I’m not sure why this straightforward bit of genealogy should arouse curiosity but I cast my net wider to haul in four more John RICHARDSONs in FG&C born between 1809 and 1827 and checked their relationship to Mary HESSELWOOD, mother of Mary ROSS. Only one, born 1815 and the son of Richard and Dinah nee CAMMISH, was not related to her by blood. The other five were her great grandsons. One was a younger brother of the carriage driver who died aged about three but given that Mary had only one child and died aged 27 this bunch of relationships is quite astonishing to me.

Mary’s father was  a Customs Officer, William HASLEWOOD, “who died November the 21st 1778 aged 81 years” (Entry 137, Filey, St Oswald’s Monumental Inscriptions Part One, G69 in Crimlisk/Siddle). Father and daughter are on FamilySearch Tree as HASELWOOD, IDs  MGCT-5WP  and MGCT-54V.

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Here is my RootsMagic update of the FG&C pedigree of George Lightfoot RICHARDSON.

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If you read the old LaF post you should discount Ann PROCTOR as being Jehu John’s wife. It appears that Betsy Ann, the little girl he accepted as his own daughter (and who took his name), was the illegitimate child of Ann NICHOLSON born 1850. The following year mother and child were enumerated in Rillington about 16 miles away from the mother’s home parish of Muston; Ann’s status “unmarried”, Betsey Ann’s birthplace given as Rillington (PRO ref HO107 2369 f73 p18). Ann and John married in the June Quarter of 1853 and in 1855 there is a GRO Birth record for a George Lightfoot Richardson, mother’s maiden name Nicholson. This is the only record I have found to indicate that John had children of his own. Sadly, the boy survived no more than six months.  After Ann died aged 59 in 1886 John married again the following year. Mary BARKER was eighteen years his junior and brought a 17 year old illegitimate son to the marriage. Aged 20 in 1891 Richard BARKER was working as a Carriage Driver for his Carriage Proprietor step-father (PRO Ref RG12 3962 f22 p37). The two Johns born a year apart (1826/27) died in 1903 and 1907. I can’t be certain but I think the Jehu was second to depart, aged 81. Mary died in 1828.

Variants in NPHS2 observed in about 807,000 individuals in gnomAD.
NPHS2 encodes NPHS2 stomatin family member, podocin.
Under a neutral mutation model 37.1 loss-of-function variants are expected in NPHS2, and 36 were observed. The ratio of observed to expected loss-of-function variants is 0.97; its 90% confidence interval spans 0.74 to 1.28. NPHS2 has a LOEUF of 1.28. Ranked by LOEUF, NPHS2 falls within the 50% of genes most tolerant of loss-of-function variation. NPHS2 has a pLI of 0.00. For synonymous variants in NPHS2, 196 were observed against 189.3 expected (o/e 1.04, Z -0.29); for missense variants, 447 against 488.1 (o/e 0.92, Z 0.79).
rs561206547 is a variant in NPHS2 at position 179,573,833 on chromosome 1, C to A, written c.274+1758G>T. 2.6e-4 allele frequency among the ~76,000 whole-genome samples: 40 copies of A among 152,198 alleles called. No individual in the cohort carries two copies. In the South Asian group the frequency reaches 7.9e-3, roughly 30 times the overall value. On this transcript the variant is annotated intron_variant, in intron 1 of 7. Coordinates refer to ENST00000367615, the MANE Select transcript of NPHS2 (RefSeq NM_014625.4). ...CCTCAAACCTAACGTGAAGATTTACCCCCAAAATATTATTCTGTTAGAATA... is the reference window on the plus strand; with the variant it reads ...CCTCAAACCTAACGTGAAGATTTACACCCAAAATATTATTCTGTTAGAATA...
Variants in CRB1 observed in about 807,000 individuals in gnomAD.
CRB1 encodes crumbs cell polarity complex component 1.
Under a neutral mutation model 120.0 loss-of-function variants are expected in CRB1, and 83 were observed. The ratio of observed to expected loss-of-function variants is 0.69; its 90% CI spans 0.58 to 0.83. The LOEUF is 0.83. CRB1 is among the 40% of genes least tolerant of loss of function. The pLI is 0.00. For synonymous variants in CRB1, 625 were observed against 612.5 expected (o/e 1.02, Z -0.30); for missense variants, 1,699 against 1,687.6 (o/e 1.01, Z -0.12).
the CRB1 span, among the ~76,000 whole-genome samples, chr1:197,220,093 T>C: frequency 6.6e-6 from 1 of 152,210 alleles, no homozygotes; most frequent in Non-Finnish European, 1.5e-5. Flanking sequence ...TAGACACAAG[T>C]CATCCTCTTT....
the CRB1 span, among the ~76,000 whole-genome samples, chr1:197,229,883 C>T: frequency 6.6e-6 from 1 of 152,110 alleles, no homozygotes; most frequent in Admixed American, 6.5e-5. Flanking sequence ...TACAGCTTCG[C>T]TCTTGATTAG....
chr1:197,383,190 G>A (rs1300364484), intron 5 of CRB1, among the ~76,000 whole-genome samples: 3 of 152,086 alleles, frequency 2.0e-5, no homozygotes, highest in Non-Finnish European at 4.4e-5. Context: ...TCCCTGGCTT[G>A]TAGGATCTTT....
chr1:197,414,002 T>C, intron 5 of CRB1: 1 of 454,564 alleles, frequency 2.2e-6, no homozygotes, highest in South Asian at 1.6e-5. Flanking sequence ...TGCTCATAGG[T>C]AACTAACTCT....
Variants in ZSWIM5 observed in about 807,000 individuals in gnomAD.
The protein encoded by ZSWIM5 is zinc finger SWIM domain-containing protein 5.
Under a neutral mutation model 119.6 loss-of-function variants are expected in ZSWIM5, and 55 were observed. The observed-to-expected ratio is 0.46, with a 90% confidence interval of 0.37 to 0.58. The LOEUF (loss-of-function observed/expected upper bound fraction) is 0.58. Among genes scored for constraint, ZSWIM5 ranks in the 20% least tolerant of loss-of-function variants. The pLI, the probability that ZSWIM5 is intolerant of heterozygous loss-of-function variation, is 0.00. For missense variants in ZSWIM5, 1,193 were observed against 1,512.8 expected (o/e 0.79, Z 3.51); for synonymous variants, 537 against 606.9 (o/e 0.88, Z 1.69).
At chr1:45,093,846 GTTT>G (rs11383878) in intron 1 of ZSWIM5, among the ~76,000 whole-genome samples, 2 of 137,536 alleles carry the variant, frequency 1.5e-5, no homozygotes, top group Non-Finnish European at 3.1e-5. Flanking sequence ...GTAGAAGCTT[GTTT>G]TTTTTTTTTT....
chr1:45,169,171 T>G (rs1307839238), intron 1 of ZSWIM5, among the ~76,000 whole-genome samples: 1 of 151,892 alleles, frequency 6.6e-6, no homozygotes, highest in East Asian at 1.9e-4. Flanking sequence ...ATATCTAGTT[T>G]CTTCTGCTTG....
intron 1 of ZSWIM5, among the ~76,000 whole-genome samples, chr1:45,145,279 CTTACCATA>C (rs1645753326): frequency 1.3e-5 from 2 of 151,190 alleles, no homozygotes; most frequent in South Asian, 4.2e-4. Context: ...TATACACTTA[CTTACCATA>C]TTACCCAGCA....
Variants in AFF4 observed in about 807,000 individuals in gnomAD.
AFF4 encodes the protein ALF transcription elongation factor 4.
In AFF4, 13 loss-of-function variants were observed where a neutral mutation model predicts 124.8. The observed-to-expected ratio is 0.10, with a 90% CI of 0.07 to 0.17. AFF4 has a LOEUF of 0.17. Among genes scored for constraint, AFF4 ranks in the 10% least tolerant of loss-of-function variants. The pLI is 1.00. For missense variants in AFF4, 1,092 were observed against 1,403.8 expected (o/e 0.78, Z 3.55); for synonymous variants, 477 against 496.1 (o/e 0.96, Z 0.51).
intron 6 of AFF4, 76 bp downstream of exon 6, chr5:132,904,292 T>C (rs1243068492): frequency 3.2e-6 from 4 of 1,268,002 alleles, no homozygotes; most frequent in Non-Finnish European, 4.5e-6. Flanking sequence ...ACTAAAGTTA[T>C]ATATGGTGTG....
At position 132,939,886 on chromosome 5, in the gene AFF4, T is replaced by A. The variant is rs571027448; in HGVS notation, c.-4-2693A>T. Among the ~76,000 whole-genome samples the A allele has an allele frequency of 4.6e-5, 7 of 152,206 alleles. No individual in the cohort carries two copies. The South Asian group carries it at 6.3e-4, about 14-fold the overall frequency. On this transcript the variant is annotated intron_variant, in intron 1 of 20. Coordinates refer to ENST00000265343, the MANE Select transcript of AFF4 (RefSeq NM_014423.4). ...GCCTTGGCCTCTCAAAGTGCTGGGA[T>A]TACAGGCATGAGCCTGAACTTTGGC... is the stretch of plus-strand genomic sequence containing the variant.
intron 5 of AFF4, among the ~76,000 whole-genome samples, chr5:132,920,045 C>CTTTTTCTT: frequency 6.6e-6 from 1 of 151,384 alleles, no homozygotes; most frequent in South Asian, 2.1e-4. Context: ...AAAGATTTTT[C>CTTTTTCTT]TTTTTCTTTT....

Tags: family history Hesselwood, Haslewood, Richardson, Nicholson, Baker, Ross, John Richardson, Jehu.

20160706MallardDuckling3_2mTwenty-four hours before Today’s Image was taken Mother Mallard was keeping an eye on her brood. I don’t know what killed the ducklings but the surface of the Glen Gardens boating lake was liberally sprinkled with specks of plastic or polystyrene (the measure of man). A breeding pair of Mallard brought five or six ducklings into the world at the same location this year. I saw the little ’uns one day and they had totally disappeared the next. A council gardener said that gulls had taken them. The bereft adults flew away a couple of days later.